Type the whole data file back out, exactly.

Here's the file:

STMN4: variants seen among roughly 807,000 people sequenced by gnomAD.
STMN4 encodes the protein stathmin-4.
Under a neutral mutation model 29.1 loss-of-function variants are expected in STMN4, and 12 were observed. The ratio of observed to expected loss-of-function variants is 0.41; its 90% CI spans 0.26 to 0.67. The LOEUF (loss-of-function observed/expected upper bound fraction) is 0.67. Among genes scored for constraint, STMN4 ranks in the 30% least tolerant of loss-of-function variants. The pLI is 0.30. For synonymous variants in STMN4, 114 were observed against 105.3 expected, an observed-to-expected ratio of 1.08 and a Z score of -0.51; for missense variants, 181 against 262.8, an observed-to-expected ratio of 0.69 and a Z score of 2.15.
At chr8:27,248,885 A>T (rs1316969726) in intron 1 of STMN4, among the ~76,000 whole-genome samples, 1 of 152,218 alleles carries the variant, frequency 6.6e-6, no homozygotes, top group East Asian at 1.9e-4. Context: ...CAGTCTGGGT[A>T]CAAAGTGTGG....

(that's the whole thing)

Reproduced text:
STMN4: variants seen among roughly 807,000 people sequenced by gnomAD.
STMN4 encodes the protein stathmin-4.
Under a neutral mutation model 29.1 loss-of-function variants are expected in STMN4, and 12 were observed. The ratio of observed to expected loss-of-function variants is 0.41; its 90% CI spans 0.26 to 0.67. The LOEUF (loss-of-function observed/expected upper bound fraction) is 0.67. Among genes scored for constraint, STMN4 ranks in the 30% least tolerant of loss-of-function variants. The pLI is 0.30. For synonymous variants in STMN4, 114 were observed against 105.3 expected, an observed-to-expected ratio of 1.08 and a Z score of -0.51; for missense variants, 181 against 262.8, an observed-to-expected ratio of 0.69 and a Z score of 2.15.
At chr8:27,248,885 A>T (rs1316969726) in intron 1 of STMN4, among the ~76,000 whole-genome samples, 1 of 152,218 alleles carries the variant, frequency 6.6e-6, no homozygotes, top group East Asian at 1.9e-4. Context: ...CAGTCTGGGT[A>T]CAAAGTGTGG....